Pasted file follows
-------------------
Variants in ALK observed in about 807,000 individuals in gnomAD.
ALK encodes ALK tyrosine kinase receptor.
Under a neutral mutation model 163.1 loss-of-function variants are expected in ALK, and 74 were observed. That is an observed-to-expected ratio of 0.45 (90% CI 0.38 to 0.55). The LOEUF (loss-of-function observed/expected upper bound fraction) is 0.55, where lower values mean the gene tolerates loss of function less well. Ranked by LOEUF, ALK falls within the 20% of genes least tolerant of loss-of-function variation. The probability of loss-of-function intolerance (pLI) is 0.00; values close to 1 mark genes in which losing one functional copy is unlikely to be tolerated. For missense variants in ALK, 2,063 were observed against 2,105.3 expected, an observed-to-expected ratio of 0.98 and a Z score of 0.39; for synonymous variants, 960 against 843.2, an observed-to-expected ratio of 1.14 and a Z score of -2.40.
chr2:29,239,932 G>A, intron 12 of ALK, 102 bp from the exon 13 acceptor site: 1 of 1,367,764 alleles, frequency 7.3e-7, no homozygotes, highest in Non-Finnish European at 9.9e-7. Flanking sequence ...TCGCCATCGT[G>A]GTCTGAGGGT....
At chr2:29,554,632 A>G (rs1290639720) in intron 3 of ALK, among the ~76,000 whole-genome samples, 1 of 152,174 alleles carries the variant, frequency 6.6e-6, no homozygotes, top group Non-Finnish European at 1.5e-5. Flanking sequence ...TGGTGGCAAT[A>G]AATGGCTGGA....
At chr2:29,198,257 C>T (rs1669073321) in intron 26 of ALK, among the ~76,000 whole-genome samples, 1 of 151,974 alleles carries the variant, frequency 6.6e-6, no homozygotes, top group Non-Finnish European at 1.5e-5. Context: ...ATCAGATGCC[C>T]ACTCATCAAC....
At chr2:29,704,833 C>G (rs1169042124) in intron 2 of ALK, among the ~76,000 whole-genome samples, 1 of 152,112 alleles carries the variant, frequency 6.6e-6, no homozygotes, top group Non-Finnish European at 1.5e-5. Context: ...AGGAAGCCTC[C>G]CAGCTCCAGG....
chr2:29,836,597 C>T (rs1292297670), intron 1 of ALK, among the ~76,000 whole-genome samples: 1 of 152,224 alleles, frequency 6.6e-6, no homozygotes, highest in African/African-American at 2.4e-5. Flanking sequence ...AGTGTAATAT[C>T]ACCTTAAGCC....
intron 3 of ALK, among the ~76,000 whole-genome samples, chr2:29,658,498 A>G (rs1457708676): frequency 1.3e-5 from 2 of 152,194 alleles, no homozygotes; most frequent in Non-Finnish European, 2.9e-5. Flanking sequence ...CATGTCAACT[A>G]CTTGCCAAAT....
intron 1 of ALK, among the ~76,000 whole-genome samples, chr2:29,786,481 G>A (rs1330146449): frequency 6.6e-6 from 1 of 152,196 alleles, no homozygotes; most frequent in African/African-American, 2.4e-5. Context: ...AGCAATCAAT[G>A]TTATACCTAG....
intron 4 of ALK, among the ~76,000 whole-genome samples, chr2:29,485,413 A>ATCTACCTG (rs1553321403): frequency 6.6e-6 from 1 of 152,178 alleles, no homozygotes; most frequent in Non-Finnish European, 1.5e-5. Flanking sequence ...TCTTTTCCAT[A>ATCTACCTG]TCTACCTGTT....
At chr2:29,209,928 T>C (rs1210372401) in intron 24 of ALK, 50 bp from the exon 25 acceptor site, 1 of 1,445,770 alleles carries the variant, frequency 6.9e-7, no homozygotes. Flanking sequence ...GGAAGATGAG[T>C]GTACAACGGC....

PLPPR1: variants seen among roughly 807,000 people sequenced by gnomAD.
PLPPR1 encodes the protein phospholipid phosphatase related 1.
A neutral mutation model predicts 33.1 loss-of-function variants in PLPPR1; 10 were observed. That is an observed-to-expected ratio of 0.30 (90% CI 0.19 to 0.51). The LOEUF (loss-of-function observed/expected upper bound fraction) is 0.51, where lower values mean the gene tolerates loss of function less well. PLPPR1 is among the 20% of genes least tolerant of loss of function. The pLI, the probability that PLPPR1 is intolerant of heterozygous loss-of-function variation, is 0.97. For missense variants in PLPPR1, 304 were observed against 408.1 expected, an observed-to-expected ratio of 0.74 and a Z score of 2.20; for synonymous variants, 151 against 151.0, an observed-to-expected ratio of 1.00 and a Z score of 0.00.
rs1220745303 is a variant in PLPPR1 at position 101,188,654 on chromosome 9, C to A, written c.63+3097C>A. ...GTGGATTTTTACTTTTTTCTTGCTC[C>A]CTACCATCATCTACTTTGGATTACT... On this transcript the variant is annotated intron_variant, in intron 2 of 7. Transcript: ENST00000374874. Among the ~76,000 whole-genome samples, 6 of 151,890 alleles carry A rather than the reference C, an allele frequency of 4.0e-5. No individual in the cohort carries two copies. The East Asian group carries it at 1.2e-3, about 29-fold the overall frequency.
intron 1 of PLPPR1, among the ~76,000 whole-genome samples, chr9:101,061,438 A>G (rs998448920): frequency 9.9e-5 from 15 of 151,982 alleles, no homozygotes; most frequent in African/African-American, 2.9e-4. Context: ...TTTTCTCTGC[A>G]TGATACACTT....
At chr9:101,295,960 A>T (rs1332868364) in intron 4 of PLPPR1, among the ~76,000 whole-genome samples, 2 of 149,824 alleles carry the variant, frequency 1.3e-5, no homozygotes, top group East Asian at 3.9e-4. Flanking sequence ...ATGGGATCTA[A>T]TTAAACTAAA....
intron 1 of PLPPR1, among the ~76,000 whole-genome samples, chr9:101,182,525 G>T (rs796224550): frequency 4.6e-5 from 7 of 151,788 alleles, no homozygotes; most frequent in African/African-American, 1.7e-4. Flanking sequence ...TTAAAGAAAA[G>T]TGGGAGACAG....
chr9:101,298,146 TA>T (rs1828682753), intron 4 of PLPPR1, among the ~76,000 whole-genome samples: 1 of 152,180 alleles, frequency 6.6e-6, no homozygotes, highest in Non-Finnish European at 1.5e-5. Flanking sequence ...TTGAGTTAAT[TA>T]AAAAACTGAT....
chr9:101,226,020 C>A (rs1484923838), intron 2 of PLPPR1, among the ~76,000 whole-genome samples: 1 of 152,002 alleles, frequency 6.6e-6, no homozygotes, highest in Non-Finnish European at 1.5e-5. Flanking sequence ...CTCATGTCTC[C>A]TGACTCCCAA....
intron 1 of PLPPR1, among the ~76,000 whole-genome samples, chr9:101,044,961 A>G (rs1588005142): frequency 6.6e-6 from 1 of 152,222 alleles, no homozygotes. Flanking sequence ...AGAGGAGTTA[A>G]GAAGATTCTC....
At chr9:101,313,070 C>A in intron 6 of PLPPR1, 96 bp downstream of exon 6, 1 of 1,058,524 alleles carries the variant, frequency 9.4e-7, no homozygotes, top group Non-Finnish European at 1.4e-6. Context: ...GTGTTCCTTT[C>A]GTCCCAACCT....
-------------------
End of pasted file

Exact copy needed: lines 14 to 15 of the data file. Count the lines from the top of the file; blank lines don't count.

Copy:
PLPPR1 encodes the protein phospholipid phosphatase related 1.
A neutral mutation model predicts 33.1 loss-of-function variants in PLPPR1; 10 were observed. That is an observed-to-expected ratio of 0.30 (90% CI 0.19 to 0.51). The LOEUF (loss-of-function observed/expected upper bound fraction) is 0.51, where lower values mean the gene tolerates loss of function less well. PLPPR1 is among the 20% of genes least tolerant of loss of function. The pLI, the probability that PLPPR1 is intolerant of heterozygous loss-of-function variation, is 0.97. For missense variants in PLPPR1, 304 were observed against 408.1 expected, an observed-to-expected ratio of 0.74 and a Z score of 2.20; for synonymous variants, 151 against 151.0, an observed-to-expected ratio of 1.00 and a Z score of 0.00.